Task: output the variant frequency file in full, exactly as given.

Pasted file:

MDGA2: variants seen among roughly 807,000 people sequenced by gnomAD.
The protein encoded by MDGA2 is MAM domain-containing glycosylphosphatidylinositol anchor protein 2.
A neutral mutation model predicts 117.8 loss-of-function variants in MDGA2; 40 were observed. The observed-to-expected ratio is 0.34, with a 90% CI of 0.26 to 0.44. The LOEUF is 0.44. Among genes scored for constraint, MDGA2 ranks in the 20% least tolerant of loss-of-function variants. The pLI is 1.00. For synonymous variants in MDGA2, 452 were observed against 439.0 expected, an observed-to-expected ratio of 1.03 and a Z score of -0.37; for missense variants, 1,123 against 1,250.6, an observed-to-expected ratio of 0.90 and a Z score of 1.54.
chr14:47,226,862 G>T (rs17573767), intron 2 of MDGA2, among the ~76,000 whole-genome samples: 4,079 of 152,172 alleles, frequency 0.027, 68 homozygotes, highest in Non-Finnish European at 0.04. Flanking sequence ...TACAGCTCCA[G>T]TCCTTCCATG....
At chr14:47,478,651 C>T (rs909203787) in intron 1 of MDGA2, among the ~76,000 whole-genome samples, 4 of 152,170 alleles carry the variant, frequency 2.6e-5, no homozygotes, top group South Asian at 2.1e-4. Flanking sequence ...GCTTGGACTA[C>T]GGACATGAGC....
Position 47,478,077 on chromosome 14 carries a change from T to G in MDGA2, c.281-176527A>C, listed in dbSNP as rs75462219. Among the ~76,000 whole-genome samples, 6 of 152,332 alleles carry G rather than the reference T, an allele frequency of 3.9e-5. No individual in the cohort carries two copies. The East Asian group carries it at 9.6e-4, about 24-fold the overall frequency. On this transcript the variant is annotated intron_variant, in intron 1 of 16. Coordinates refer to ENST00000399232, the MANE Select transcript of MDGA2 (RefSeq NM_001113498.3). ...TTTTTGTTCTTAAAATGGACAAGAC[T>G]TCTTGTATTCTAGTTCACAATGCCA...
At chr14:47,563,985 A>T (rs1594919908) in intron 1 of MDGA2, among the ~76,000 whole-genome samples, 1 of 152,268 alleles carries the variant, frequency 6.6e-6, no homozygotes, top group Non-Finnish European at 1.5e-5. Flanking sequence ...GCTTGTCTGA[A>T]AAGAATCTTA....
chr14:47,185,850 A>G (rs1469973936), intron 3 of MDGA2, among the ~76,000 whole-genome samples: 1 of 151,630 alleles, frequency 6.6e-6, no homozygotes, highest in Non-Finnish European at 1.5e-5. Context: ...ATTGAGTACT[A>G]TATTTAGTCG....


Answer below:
MDGA2: variants seen among roughly 807,000 people sequenced by gnomAD.
The protein encoded by MDGA2 is MAM domain-containing glycosylphosphatidylinositol anchor protein 2.
A neutral mutation model predicts 117.8 loss-of-function variants in MDGA2; 40 were observed. The observed-to-expected ratio is 0.34, with a 90% CI of 0.26 to 0.44. The LOEUF is 0.44. Among genes scored for constraint, MDGA2 ranks in the 20% least tolerant of loss-of-function variants. The pLI is 1.00. For synonymous variants in MDGA2, 452 were observed against 439.0 expected, an observed-to-expected ratio of 1.03 and a Z score of -0.37; for missense variants, 1,123 against 1,250.6, an observed-to-expected ratio of 0.90 and a Z score of 1.54.
chr14:47,226,862 G>T (rs17573767), intron 2 of MDGA2, among the ~76,000 whole-genome samples: 4,079 of 152,172 alleles, frequency 0.027, 68 homozygotes, highest in Non-Finnish European at 0.04. Flanking sequence ...TACAGCTCCA[G>T]TCCTTCCATG....
At chr14:47,478,651 C>T (rs909203787) in intron 1 of MDGA2, among the ~76,000 whole-genome samples, 4 of 152,170 alleles carry the variant, frequency 2.6e-5, no homozygotes, top group South Asian at 2.1e-4. Flanking sequence ...GCTTGGACTA[C>T]GGACATGAGC....
Position 47,478,077 on chromosome 14 carries a change from T to G in MDGA2, c.281-176527A>C, listed in dbSNP as rs75462219. Among the ~76,000 whole-genome samples, 6 of 152,332 alleles carry G rather than the reference T, an allele frequency of 3.9e-5. No individual in the cohort carries two copies. The East Asian group carries it at 9.6e-4, about 24-fold the overall frequency. On this transcript the variant is annotated intron_variant, in intron 1 of 16. Coordinates refer to ENST00000399232, the MANE Select transcript of MDGA2 (RefSeq NM_001113498.3). ...TTTTTGTTCTTAAAATGGACAAGAC[T>G]TCTTGTATTCTAGTTCACAATGCCA...
At chr14:47,563,985 A>T (rs1594919908) in intron 1 of MDGA2, among the ~76,000 whole-genome samples, 1 of 152,268 alleles carries the variant, frequency 6.6e-6, no homozygotes, top group Non-Finnish European at 1.5e-5. Flanking sequence ...GCTTGTCTGA[A>T]AAGAATCTTA....
chr14:47,185,850 A>G (rs1469973936), intron 3 of MDGA2, among the ~76,000 whole-genome samples: 1 of 151,630 alleles, frequency 6.6e-6, no homozygotes, highest in Non-Finnish European at 1.5e-5. Context: ...ATTGAGTACT[A>G]TATTTAGTCG....